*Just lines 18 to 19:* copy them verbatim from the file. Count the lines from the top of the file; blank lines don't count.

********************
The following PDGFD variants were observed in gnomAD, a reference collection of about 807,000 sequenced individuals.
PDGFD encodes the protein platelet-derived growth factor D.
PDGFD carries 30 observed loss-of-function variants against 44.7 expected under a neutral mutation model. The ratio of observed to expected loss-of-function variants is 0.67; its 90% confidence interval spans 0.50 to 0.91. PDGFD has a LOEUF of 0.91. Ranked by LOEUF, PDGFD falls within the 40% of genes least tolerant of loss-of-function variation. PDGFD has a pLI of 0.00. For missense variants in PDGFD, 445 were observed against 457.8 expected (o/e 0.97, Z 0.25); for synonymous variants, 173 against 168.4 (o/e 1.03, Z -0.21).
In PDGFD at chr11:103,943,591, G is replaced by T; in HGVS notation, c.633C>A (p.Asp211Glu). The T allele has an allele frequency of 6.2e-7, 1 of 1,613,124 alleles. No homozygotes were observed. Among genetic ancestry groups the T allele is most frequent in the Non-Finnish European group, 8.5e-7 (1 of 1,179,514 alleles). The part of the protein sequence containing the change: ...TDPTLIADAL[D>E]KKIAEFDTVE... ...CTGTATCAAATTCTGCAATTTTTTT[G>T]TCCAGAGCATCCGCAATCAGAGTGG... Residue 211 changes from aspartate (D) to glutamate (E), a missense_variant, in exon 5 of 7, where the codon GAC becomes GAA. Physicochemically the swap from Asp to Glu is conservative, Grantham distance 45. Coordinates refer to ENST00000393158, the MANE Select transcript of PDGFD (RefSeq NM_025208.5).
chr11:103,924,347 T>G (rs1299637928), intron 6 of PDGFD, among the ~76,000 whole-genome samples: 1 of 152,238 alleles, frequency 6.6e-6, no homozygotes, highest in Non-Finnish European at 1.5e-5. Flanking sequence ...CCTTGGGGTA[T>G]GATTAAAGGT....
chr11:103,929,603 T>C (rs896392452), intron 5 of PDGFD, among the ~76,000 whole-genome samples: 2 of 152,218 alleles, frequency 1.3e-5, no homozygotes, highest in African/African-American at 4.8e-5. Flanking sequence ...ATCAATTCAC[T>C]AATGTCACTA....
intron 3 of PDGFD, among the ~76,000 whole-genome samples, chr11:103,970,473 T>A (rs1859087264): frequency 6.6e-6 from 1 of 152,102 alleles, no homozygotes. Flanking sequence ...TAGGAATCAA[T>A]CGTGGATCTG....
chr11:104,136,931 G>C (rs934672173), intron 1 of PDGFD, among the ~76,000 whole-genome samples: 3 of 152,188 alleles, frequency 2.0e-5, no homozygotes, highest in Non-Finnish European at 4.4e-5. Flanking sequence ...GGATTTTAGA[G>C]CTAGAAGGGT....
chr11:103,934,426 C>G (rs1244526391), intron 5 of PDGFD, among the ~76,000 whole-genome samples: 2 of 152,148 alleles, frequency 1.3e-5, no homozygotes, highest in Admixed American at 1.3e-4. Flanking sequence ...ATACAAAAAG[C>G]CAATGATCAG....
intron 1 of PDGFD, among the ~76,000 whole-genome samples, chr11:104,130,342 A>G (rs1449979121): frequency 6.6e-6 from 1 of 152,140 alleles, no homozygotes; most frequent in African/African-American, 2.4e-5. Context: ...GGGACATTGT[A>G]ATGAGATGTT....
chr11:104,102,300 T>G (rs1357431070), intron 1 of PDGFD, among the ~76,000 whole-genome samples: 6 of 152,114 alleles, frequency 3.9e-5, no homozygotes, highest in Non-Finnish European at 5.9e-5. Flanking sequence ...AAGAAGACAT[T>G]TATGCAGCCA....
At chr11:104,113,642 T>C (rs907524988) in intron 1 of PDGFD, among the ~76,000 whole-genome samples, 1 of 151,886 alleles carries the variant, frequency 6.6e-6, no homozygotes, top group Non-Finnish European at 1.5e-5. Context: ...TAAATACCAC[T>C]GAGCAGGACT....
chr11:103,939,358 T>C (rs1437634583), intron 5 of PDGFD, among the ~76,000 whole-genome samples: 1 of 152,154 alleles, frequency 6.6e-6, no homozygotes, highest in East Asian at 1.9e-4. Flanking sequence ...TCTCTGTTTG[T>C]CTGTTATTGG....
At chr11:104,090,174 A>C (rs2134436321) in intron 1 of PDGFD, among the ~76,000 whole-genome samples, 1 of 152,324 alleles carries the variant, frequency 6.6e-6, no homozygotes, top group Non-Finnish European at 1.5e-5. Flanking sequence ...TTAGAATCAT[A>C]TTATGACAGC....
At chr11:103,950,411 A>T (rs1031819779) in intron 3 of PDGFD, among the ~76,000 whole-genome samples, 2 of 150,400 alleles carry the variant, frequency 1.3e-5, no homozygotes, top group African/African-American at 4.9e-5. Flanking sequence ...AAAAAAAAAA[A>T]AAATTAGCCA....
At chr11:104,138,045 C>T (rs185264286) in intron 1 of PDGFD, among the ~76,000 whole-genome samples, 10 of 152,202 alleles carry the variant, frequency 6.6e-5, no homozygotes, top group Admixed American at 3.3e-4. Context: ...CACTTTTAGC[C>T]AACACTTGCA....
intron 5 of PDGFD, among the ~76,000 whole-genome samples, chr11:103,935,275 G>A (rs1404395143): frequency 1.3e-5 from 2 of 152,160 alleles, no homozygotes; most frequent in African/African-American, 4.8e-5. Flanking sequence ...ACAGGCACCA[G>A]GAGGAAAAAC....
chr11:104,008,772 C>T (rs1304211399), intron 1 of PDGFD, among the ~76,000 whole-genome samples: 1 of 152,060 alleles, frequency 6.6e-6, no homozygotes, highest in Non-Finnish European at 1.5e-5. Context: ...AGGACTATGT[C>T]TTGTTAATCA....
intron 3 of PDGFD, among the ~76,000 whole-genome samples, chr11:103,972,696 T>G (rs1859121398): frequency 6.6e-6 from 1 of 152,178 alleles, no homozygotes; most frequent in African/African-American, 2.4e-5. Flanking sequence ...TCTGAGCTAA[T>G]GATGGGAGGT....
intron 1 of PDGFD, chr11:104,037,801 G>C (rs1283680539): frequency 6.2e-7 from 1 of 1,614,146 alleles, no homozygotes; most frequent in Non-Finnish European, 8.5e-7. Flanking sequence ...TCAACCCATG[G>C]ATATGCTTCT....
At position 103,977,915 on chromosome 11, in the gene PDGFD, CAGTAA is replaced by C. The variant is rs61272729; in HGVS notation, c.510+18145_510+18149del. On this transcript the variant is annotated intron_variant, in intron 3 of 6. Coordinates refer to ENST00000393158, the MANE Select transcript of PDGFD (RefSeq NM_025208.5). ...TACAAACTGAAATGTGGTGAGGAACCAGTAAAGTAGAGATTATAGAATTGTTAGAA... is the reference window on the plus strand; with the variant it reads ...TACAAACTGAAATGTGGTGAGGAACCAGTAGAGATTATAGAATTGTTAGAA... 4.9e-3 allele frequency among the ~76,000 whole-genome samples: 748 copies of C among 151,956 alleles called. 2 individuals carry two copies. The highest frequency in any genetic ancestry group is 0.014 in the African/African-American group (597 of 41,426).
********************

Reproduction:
chr11:104,008,772 C>T (rs1304211399), intron 1 of PDGFD, among the ~76,000 whole-genome samples: 1 of 152,060 alleles, frequency 6.6e-6, no homozygotes, highest in Non-Finnish European at 1.5e-5. Context: ...AGGACTATGT[C>T]TTGTTAATCA....
intron 3 of PDGFD, among the ~76,000 whole-genome samples, chr11:103,972,696 T>G (rs1859121398): frequency 6.6e-6 from 1 of 152,178 alleles, no homozygotes; most frequent in African/African-American, 2.4e-5. Flanking sequence ...TCTGAGCTAA[T>G]GATGGGAGGT....